November 12, 2018

In round two, ABA urges Supreme Court to again reject Texas’ disability standard in capital cases

CHICAGO, Nov. 8, 2018 — The American Bar Association filed an amicus brief Thursday with the U.S. Supreme Court, arguing that Texas “failed to faithfully follow” the high court’s previous ruling prohibiting the state from using nonclinical judicially created standards for determining intellectual disability in death penalty cases.

In March 2017 in a 5-3 decision, the Supreme Court told the Texas Court of Criminal Appeals (CCA) that it erred in its use of nonclinical factors in rejecting a habeas corpus, or due process, application from a death row inmate. Lawyers for the petitioner, Bobby James Moore, contended their client could not be executed by Texas because he has an intellectual disability under clinical standards — a standard the Supreme Court set as a bar in prior decisions.

In Atkins v. Virginia in 2002, for instance, the high court ruled 6-3 that executing people with intellectual disabilities violates the Eighth Amendment’s ban on cruel and unusual punishment and cited clinical scientifically based standards as proper measures to determine whether a criminal defendant is intellectually disabled. But the ruling also gave states leeway on how to define intellectual disability.

On remand, the Texas court, the state’s highest for criminal matters, used nearly identical factors to again affirm Moore’s death sentence. But his lawyers contend those factors run afoul of the Supreme Court’s holding in Moore I. Since the first Moore decision, Associate Justices Neil Gorsuch and Brett Kavanaugh have joined the court, changing its makeup.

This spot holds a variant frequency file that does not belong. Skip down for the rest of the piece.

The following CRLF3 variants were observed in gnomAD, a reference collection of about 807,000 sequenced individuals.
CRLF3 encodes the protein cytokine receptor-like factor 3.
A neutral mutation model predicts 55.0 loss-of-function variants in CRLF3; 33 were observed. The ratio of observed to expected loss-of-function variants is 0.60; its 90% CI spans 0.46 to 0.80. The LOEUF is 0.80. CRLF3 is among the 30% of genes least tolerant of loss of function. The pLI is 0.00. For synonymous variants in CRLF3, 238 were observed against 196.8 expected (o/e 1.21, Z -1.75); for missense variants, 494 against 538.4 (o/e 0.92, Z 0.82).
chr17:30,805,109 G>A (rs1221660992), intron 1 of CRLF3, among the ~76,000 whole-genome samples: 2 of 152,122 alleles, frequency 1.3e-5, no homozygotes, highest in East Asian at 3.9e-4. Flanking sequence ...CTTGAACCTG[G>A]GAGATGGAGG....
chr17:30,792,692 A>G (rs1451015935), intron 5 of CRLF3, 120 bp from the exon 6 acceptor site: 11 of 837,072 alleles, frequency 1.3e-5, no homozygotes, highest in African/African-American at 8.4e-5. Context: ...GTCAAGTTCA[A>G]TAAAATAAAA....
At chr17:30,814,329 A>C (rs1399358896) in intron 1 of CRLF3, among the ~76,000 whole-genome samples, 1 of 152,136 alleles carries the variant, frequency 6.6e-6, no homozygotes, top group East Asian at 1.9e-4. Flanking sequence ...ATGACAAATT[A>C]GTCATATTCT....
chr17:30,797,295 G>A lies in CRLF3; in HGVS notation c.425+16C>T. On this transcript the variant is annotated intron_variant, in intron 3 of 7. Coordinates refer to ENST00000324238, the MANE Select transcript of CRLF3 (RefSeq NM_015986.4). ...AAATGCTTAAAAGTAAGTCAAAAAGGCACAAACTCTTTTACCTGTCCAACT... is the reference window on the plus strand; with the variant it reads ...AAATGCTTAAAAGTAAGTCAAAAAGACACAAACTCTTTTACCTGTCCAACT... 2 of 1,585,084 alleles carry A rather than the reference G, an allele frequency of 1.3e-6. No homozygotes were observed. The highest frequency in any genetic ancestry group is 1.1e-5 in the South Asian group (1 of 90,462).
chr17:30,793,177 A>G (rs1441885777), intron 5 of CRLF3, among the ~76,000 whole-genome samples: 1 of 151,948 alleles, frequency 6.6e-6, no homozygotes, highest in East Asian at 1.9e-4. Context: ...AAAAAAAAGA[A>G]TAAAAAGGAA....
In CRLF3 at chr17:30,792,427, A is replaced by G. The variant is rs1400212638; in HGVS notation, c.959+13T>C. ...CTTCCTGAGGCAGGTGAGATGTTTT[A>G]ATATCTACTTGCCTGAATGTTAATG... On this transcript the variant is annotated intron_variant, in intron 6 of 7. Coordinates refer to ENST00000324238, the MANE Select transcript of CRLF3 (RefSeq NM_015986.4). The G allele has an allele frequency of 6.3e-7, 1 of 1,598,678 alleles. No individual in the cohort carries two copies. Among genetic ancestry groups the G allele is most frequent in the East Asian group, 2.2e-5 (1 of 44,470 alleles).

“In Moore I, this court provided clear instructions to the CCA to avoid the constitutional errors that had infected its earlier decision regarding Moore’s sentence,” the ABA brief said. “The CCA ignored those instructions and reprised precisely the analysis that this court rejected as contrary to the Eighth Amendment. But the Eighth Amendment prohibition against execution of the intellectually disabled, as articulated and interpreted by this court, is ‘binding upon the states and, under the Supremacy Clause of Article VI of the Constitution, it must be obeyed.’”

The amicus brief in Bobby James Moore v. Texas is available here.

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